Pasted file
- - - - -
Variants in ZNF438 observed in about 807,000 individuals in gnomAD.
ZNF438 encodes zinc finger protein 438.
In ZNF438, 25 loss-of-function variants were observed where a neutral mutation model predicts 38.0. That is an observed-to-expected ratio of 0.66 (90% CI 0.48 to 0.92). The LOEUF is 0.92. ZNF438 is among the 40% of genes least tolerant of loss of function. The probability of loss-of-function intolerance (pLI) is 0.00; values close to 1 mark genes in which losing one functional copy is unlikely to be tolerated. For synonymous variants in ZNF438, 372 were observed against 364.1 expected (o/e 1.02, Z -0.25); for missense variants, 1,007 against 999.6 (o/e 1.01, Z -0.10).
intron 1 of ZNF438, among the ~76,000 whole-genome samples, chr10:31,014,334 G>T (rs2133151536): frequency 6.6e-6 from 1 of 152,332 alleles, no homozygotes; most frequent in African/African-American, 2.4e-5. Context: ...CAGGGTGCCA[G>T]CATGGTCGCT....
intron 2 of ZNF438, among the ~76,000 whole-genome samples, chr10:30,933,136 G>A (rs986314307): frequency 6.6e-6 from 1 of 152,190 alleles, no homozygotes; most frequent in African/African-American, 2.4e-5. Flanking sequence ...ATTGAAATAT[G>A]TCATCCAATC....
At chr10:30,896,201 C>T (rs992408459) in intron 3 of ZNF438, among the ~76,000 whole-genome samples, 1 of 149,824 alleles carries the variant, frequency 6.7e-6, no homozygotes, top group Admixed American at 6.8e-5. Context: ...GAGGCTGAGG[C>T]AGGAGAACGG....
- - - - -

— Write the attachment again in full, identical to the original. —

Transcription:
Variants in ZNF438 observed in about 807,000 individuals in gnomAD.
ZNF438 encodes zinc finger protein 438.
In ZNF438, 25 loss-of-function variants were observed where a neutral mutation model predicts 38.0. That is an observed-to-expected ratio of 0.66 (90% CI 0.48 to 0.92). The LOEUF is 0.92. ZNF438 is among the 40% of genes least tolerant of loss of function. The probability of loss-of-function intolerance (pLI) is 0.00; values close to 1 mark genes in which losing one functional copy is unlikely to be tolerated. For synonymous variants in ZNF438, 372 were observed against 364.1 expected (o/e 1.02, Z -0.25); for missense variants, 1,007 against 999.6 (o/e 1.01, Z -0.10).
intron 1 of ZNF438, among the ~76,000 whole-genome samples, chr10:31,014,334 G>T (rs2133151536): frequency 6.6e-6 from 1 of 152,332 alleles, no homozygotes; most frequent in African/African-American, 2.4e-5. Context: ...CAGGGTGCCA[G>T]CATGGTCGCT....
intron 2 of ZNF438, among the ~76,000 whole-genome samples, chr10:30,933,136 G>A (rs986314307): frequency 6.6e-6 from 1 of 152,190 alleles, no homozygotes; most frequent in African/African-American, 2.4e-5. Flanking sequence ...ATTGAAATAT[G>A]TCATCCAATC....
At chr10:30,896,201 C>T (rs992408459) in intron 3 of ZNF438, among the ~76,000 whole-genome samples, 1 of 149,824 alleles carries the variant, frequency 6.7e-6, no homozygotes, top group Admixed American at 6.8e-5. Context: ...GAGGCTGAGG[C>T]AGGAGAACGG....